How many pins fit into the head of an angel?

23 Dec

Sometimes I wish I could physically shake the stupid out of society.

It seems that an online poll was conducted last week by an organisation calling themselves the Bible Society and Christian Research (oxymoron). The name itself ought to ring alarm bells as to the neutrality of the survey. Anyway, it “found” that around one in three of people polled believes they have a guardian angel watching over them.

A couple of caveats are in order here. First we have, as I said, the question of the neutrality of the researchers. Without wishing to cast nasturtiums, I think it’s perfectly reasonable to ask what questions were actually asked. As Sir Humphrey Appleby demonstrated, asking the right questions is the key to obtaining the right result:

Their motives  might not be quite as deliberate as that, of course. There is such a thing as confirmation bias,

a tendency for people to favor information that confirms their preconceptions or hypotheses regardless of whether the information is true.[Note 1][1] As a result, people gather evidence and recall information from memory selectively, and interpret it in a biased way. The biases appear in particular for emotionally significant issues and for established beliefs.

[. . .]

Experiments have repeatedly found that people tend to test hypotheses in a one-sided way, by searching for evidence consistent with the hypothesis they hold at a given time.[5][6] Rather than searching through all the relevant evidence, they ask questions that are phrased so that an affirmative answer supports their hypothesis.[7] They look for the consequences that they would expect if their hypothesis were true, rather than what would happen if it were false.[7] For example, someone who is trying to identify a number using yes/no questions and suspects that the number is 3 might ask, “Is it an odd number?” People prefer this sort of question, called a “positive test”, even when a negative test such as “Is it an even number?” would yield exactly the same information.[8] However, this does not mean that people seek tests that are guaranteed to give a positive answer. In studies where subjects could select either such pseudo-tests or genuinely diagnostic ones, they favored the genuinely diagnostic.[9][10]

This confirmation bias also extends into the beliefs of the people asked. After all, a sample consisting of mostly believers is likely to give a different result to one made up of me.

Next up is the sample size, the actual number of people polled. This isn’t just a nit-picking criticism, as the organisers themselves are concerned about it:

But research organisers warned that the city results are based on small numbers – with just 17 people interviewed from Oxford, 19 from Hull, 39 from Edinburgh and 27 from Plymouth.

It reminds me of a Monty Python sketch, I think it was – I’ll stand correction – which took the result of one person being asked how they intend to vote and then applying it across the country to give a Tory landslide of 100% of Parliamentary seats.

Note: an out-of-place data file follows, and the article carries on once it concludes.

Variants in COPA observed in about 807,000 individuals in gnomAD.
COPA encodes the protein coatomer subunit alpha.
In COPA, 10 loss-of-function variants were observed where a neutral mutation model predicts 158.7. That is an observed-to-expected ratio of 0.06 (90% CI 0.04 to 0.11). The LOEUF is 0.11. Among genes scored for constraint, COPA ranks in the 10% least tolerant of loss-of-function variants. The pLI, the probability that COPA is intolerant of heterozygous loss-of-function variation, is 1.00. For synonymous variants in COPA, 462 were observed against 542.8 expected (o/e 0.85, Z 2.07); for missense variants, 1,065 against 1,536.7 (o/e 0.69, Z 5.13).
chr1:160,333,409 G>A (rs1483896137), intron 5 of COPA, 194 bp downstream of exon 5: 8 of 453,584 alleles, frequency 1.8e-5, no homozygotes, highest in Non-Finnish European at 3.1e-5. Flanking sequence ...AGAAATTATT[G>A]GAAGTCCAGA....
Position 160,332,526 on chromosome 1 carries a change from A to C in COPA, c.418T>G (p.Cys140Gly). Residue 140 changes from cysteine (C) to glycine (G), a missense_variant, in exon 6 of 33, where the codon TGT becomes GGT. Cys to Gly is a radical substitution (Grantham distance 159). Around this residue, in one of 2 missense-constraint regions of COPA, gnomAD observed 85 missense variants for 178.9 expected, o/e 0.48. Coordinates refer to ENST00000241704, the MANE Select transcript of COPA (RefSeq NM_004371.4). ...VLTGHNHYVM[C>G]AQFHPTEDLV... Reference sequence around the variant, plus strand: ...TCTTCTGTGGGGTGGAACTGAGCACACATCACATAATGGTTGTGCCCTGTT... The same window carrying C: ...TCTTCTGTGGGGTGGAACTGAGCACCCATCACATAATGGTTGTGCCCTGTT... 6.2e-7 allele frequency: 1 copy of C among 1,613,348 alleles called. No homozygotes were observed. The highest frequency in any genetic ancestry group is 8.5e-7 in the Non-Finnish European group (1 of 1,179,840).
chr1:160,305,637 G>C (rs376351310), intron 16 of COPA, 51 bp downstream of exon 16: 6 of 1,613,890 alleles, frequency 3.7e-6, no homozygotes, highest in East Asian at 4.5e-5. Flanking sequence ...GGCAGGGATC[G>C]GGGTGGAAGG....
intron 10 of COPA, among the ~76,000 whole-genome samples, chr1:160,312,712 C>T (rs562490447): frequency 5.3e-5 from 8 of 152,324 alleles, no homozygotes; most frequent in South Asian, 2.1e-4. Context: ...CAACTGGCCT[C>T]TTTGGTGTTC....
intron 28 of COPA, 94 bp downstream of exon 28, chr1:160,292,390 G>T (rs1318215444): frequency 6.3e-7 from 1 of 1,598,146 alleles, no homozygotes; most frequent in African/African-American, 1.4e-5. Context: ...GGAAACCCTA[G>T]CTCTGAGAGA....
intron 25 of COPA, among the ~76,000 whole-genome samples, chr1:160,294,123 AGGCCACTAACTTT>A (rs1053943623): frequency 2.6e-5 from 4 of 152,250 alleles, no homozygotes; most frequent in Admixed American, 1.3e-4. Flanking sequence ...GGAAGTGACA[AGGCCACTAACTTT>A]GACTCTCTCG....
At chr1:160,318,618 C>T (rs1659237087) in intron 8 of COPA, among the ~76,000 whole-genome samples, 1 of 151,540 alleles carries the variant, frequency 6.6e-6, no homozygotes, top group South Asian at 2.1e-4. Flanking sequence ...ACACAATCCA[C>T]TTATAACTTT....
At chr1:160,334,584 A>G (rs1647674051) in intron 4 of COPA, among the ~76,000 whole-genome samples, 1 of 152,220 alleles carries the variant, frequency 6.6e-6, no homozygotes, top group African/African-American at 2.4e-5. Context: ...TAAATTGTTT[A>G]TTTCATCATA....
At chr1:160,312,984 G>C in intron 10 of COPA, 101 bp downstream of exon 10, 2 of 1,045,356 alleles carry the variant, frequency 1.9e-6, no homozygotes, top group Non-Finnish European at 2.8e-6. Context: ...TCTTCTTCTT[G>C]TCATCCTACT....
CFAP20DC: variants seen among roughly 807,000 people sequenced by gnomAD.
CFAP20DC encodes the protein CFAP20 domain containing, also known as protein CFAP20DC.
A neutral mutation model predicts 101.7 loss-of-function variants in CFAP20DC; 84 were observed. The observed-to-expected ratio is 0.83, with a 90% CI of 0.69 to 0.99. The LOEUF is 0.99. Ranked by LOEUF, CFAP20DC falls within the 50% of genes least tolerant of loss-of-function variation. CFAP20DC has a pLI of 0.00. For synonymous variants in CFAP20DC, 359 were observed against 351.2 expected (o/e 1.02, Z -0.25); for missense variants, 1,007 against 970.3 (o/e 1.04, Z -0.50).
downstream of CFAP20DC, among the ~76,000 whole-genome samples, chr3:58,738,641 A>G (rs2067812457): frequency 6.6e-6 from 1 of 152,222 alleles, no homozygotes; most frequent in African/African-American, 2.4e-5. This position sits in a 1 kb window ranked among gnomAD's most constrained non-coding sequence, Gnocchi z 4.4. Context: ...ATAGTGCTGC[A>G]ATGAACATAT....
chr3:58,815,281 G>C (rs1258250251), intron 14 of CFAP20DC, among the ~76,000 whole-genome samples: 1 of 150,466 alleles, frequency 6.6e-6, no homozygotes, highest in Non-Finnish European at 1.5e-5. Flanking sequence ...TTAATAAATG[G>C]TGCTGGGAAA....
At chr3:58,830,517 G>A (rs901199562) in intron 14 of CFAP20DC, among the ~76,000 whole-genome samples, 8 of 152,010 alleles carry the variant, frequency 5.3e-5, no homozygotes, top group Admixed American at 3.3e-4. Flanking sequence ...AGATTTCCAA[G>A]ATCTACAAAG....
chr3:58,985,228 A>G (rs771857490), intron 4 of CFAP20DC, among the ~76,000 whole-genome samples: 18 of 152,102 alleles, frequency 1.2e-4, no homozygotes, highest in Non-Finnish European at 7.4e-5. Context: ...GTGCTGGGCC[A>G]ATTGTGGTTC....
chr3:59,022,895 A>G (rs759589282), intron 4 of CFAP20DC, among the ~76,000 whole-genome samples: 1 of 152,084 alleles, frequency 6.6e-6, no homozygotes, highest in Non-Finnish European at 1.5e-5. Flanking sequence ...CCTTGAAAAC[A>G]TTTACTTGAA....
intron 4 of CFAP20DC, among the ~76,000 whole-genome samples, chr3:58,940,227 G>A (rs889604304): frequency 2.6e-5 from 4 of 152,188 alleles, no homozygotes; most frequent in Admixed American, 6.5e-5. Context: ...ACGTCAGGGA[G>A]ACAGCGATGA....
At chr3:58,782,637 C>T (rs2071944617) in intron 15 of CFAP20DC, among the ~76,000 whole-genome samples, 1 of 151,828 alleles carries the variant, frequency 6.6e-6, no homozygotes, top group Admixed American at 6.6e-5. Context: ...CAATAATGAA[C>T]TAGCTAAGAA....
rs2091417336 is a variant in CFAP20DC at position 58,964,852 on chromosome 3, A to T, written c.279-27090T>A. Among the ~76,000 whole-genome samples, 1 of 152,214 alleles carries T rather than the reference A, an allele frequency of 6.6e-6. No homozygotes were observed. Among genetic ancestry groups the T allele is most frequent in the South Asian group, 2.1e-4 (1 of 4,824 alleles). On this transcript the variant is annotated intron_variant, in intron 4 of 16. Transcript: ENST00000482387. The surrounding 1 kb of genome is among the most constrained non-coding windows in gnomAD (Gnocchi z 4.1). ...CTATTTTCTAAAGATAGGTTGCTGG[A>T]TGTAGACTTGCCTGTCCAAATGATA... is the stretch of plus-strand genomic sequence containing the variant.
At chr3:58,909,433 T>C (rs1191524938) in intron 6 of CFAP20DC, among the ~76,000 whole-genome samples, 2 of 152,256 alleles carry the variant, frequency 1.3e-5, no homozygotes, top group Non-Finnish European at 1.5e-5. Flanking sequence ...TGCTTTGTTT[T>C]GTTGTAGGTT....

Finally, we have the rather dubious conclusions drawn from the ‘research’.

Canon Dr Ann Holt, Bible Society director of programme, said: “There is plenty of evidence that there are presences in this world beyond the human.

Care to share this “evidence”, Ann? Thought not. Methinks the lady hath watched a bit too much Most Haunted.

Convinced yet? Incidentally, the above video is actually one of two, the second showing Paul “I’ve got a famous brother” Ross reacting live to that scene filmed earlier in the day and which now looks like this:

But to continue:

“The fact that a third of this country believes in angels is a sign of a spiritual need within many of us.

And the fact that perhaps 99% of children believe in the tooth fairy is a sign that they can perceive entities invisible to us grown-ups.

An angel is God’s messenger and the Bible affirms this through the many appearances of angels in different forms.

Darth Vader is Luke’s son father, and Star Wars affirms this through many scenes in different films. What’s the difference?

“It is interesting that Tony Jordan, the writer of the BBC’s Nativity, has chosen to show the angel Gabriel, for example, in conventional human form.”

Ah – the old “you can imagine it, therefore that proves it must be real” argument. I would’ve expected something less feeble from a “Research” society, but then that’s all they have: bald assertions backed up by nothing except a mythological and political document which, frankly, any serious researcher would be embarrassed to admit basing their work on.

Colonel Robert Ingersoll again:

“The old lady who said there must be a devil, else how could they make pictures that looked exactly like him, reasoned like a trained theologian — like a doctor of divinity.”
— Robert Green Ingersoll, from “Superstition” (1898)

I couldn’t put it better myself.

[EDIT: Bugger; of course Darth Vader isn’t Luke’s son – that would throw up all sorts of metaphysical impossibilities, causing the timeline to fold in upon itself catastrophically, setting up cascading resonance patterns which would undoubtedly unravel the fabric of this and all possible universes, leaving nothing but a sea of virtual particles and radiation. And I’d probably get shouted at. So I’ve corrected it before anyone notices.]


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